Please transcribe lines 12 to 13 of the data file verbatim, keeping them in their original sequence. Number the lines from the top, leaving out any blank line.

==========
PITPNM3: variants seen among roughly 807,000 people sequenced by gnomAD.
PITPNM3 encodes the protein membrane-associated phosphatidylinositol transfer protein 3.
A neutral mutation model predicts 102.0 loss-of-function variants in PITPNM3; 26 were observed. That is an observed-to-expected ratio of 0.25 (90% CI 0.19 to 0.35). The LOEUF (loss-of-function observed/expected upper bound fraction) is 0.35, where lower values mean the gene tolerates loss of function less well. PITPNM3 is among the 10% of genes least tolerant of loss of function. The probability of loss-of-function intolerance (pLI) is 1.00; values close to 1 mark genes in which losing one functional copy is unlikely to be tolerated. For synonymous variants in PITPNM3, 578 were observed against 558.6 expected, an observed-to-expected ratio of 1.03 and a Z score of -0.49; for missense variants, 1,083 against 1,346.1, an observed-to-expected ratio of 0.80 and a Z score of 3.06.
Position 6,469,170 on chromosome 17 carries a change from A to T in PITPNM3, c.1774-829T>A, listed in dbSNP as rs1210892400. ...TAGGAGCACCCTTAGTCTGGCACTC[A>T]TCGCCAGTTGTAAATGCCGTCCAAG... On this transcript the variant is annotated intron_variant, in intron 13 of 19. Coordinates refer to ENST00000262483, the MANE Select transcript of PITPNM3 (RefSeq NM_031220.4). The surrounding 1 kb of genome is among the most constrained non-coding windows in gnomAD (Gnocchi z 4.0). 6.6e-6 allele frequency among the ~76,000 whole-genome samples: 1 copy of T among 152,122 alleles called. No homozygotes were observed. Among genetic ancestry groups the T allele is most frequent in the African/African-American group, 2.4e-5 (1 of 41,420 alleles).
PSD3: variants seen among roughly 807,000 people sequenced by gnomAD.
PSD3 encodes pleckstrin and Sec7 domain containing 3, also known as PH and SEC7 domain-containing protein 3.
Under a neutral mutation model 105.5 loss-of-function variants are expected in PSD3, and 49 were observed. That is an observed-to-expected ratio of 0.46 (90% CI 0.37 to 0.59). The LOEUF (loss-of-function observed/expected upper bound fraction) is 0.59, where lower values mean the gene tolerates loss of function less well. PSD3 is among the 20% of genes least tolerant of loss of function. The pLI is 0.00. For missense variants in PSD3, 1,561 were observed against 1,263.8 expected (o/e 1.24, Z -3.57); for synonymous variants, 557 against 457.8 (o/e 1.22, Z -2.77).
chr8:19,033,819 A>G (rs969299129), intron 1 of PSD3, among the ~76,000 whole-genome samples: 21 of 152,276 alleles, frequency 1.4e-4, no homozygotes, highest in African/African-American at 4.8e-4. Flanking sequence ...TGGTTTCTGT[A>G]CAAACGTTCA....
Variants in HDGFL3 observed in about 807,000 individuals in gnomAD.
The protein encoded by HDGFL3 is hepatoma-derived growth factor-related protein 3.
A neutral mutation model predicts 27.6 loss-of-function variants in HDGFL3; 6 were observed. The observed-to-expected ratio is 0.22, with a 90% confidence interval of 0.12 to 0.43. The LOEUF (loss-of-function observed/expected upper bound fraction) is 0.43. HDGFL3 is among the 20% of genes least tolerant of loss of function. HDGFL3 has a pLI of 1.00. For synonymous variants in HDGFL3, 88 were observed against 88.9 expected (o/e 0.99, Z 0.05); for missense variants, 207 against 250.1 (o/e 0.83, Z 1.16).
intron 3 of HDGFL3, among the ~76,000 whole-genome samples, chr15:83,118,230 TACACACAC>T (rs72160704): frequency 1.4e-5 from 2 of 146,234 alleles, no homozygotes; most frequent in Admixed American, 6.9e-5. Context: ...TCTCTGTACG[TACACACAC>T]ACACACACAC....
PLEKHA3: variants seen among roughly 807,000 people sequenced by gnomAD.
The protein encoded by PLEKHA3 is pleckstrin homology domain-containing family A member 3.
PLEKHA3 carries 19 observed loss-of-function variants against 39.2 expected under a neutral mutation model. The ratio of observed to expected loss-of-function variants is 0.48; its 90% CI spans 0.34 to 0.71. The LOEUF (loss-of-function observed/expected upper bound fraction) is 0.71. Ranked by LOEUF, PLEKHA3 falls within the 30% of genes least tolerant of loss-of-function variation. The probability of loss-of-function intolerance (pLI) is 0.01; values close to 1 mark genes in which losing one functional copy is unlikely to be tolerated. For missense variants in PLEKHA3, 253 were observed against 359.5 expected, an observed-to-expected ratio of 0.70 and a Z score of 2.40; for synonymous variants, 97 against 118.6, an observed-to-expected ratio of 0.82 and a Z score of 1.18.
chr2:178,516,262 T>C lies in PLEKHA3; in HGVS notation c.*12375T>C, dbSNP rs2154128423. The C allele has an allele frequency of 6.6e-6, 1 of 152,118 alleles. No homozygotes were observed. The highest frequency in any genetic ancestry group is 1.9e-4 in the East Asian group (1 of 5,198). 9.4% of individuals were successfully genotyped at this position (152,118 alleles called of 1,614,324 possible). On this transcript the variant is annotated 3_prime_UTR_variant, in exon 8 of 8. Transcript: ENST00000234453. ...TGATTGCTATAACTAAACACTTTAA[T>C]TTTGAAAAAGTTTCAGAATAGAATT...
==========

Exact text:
intron 3 of HDGFL3, among the ~76,000 whole-genome samples, chr15:83,118,230 TACACACAC>T (rs72160704): frequency 1.4e-5 from 2 of 146,234 alleles, no homozygotes; most frequent in Admixed American, 6.9e-5. Context: ...TCTCTGTACG[TACACACAC>T]ACACACACAC....
PLEKHA3: variants seen among roughly 807,000 people sequenced by gnomAD.